Poem of the Month

The Song of the Jellicles | T. S. Eliot

the song of the jellicles

             Jellicle Cats come out to-night
             Jellicle Cats come one come all:
             The Jellicle Moon is shining bright—
             Jellicles come to the Jellicle Ball.

Jellicle Cats are black and white,
Jellicle Cats are rather small;
Jellicle Cats are merry and bright,
And pleasant to hear when they caterwaul.
Jellicle Cats have cheerful faces,
Jellicle Cats have bright black eyes;
They like to practise their airs and graces
And wait for the Jellicle Moon to rise.
Jellicle Cats develop slowly,
Jellicle Cats are not too big;
Jellicle Cats are roly-poly,
They know how to dance a gavotte and a jig.
Until the Jellicle Moon appears
They make their toilette and take their repose:
Jellicle Cats wash behind their ears,
Jellicle dry between their toes.
Jellicle Cats are white and black,
Jellicle Cats are of moderate size;
Jellicle Cats jump like a jumping-jack,
Jellicle Cats have moonlit eyes.
They’re quiet enough in the morning hours,
They’re quiet enough in the afternoon,
Reserving their terpsichorean powers
To dance by the light of the Jellicle Moon.
Jellicle Cats are black and white,
Jellicle Cats (as I said) are small;
If it happens to be a stormy night
They will practise a caper or two in the hall.
If it happens the sun is shining bright
You would say they had nothing to do at all:
They are resting and saving themselves to be right
For the Jellicle Moon and the Jellicle Ball.

T. S. Eliot, Old Possum’s Book of Practical Cats, 1939
song of the jellicles poem of the month


‘Humankind cannot bear very much reality’

T. S. Eliot was a hugely influential twentieth-century poet and winner of the Nobel Prize for Literature in 1948. Although born in Missouri, Eliot spent most of his life around Europe, making connections and building incredible relationships with other famous writers of his time including his close friend Ezra Pound. Eliot became a director of Faber and Faber, writing and publishing poetry and literary criticism.

The Love Song of J. Alfred Prufrock was Eliot’s first published poem in 1915, followed six years later by his powerful, allusion-laden Modernist poem The Wasteland. It wasn’t until 1939 that Eliot’s collection of light poetry Old Possum’s Book of Practical Cats was formally published.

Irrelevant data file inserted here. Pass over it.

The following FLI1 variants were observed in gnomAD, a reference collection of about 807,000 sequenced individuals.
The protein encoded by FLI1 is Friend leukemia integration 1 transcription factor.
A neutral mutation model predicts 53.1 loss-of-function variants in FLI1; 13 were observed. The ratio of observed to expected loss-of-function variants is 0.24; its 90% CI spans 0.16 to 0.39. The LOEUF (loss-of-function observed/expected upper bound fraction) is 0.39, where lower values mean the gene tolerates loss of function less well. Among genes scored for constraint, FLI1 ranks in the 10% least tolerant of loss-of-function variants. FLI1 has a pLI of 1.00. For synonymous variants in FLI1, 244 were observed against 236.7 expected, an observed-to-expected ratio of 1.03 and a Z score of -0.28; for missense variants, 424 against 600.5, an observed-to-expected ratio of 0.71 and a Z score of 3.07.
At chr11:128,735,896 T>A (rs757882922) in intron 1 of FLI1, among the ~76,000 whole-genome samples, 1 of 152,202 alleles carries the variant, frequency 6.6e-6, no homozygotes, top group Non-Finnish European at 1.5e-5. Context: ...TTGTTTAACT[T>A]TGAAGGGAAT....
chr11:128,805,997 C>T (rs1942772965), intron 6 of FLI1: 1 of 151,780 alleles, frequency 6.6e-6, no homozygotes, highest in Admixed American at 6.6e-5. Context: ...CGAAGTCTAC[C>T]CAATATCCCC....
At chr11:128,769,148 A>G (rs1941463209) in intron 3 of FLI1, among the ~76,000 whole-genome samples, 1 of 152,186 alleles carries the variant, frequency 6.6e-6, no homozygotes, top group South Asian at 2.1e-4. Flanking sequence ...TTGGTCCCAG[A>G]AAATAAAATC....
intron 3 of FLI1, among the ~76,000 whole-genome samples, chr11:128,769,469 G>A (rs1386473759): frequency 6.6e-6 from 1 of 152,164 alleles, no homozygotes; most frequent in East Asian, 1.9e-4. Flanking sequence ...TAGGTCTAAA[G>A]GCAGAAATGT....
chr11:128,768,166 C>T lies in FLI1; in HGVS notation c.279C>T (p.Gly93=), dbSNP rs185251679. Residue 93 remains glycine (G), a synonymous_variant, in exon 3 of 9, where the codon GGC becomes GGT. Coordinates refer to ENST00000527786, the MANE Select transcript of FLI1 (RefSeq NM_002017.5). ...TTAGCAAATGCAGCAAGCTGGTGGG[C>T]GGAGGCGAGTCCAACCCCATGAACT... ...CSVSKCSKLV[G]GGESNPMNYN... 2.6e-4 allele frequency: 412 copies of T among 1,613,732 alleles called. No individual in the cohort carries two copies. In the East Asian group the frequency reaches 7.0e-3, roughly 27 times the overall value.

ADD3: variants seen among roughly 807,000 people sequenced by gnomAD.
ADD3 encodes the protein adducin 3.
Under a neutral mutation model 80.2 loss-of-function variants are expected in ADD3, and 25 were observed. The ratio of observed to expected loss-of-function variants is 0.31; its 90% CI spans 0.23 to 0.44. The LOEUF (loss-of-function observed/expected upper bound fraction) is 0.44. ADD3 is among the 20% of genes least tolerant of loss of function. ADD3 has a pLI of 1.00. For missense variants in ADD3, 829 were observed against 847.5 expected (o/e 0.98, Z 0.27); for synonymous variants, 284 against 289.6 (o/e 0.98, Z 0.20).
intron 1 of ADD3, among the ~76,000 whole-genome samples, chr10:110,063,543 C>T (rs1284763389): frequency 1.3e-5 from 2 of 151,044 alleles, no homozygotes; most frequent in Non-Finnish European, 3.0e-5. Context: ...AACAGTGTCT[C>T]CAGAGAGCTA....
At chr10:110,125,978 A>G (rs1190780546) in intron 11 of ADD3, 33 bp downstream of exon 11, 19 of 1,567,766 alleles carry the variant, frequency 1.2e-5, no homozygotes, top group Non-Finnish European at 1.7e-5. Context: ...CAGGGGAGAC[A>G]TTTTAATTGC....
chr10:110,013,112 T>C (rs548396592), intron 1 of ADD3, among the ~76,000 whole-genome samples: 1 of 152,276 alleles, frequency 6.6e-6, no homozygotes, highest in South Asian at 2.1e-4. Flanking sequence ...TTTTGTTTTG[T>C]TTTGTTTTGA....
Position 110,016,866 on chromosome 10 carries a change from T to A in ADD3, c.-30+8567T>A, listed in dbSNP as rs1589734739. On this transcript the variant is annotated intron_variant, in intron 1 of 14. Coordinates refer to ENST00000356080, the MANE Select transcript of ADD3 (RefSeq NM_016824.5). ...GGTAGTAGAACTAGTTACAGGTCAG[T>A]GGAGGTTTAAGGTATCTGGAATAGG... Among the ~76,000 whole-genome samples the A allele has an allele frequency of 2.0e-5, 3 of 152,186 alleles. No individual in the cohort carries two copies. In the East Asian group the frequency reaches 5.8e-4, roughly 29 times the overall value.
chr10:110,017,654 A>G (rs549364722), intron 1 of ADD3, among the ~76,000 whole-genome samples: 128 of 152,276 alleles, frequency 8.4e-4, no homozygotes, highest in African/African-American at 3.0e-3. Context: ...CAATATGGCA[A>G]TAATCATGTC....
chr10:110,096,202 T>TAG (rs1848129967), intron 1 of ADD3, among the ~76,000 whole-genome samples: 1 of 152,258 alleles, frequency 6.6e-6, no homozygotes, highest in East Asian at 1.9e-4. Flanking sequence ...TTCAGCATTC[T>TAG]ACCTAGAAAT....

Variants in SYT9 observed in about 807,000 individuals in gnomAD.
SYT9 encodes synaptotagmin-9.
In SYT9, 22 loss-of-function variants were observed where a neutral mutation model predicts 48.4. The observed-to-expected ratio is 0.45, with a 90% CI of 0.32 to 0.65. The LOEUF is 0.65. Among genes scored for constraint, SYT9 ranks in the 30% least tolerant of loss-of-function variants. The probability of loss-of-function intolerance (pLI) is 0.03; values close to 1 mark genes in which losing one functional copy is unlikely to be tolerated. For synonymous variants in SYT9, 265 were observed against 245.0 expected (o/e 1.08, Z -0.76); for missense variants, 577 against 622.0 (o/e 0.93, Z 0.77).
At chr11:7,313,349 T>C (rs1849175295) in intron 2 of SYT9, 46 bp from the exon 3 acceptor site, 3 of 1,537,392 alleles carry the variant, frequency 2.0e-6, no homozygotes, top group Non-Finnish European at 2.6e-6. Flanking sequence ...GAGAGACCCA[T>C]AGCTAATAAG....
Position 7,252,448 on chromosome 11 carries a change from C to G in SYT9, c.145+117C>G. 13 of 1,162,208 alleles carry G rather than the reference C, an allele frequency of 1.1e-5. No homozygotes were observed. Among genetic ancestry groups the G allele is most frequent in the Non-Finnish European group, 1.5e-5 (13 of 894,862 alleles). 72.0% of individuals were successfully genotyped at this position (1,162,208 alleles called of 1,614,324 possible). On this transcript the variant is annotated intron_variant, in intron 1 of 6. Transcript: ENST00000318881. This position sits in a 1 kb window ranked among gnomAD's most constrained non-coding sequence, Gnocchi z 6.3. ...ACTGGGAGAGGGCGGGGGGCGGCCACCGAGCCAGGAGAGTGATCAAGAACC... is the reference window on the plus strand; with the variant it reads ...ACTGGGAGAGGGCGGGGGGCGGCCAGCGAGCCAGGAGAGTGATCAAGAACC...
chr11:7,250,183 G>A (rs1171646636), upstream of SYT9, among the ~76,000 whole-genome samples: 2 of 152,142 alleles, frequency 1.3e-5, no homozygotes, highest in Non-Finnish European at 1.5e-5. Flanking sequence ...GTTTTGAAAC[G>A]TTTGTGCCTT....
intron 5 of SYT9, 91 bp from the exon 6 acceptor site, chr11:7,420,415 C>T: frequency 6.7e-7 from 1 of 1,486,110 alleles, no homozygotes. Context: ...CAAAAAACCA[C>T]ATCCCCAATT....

Old Possum and his Cat Creations

A real ‘cat-person’, Eliot had many throughout his life and initially wrote cat poems for his godchildren. Once he collated and published the 15 poems, he named the book using his nickname, ‘Old Possum’ – given to him by Ezra Pound – and referred to his cats as ‘practical’ to show that they had will and purpose.

T. S. Eliot drew inspiration from some of his personal favourite writers and writers of nonsense verse such as Edward Lear and Lewis Carroll. The Song of the Jellicles and other ‘nonsense’ Eliot created, could be seen as an active attempt to escape from the mid-century ‘age of anxiety’.

Andrew Lloyd Webber’s adaptation of Old Possum’s Book of Practical Cats turned the poems into an incredibly memorable and catchy stage musical. It is not far-fetched to assume that Eliot would have appreciated the musical Cats as it encouraged the recital of his poems which is what they were written for. There are recordings of Eliot’s own recitals available online. The newest and to say the least, controversial 2019 film adaptation of Cats received a host negative reception. However, the lyrics still stay quite close to Eliot’s original poetry.

However you choose to enjoy the practical cats, never forget that they sound best when read aloud! Get your own copy of T. S. Eliot’s Old Possum’s Book of Practical Cats here, or check out more of T. S. Eliot’s poetry here.

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What do you think of our February Poem of the Month? Have you read T. S. Eliot’s Old Possum’s Book of Practical Cats? Let us know in the comments below.

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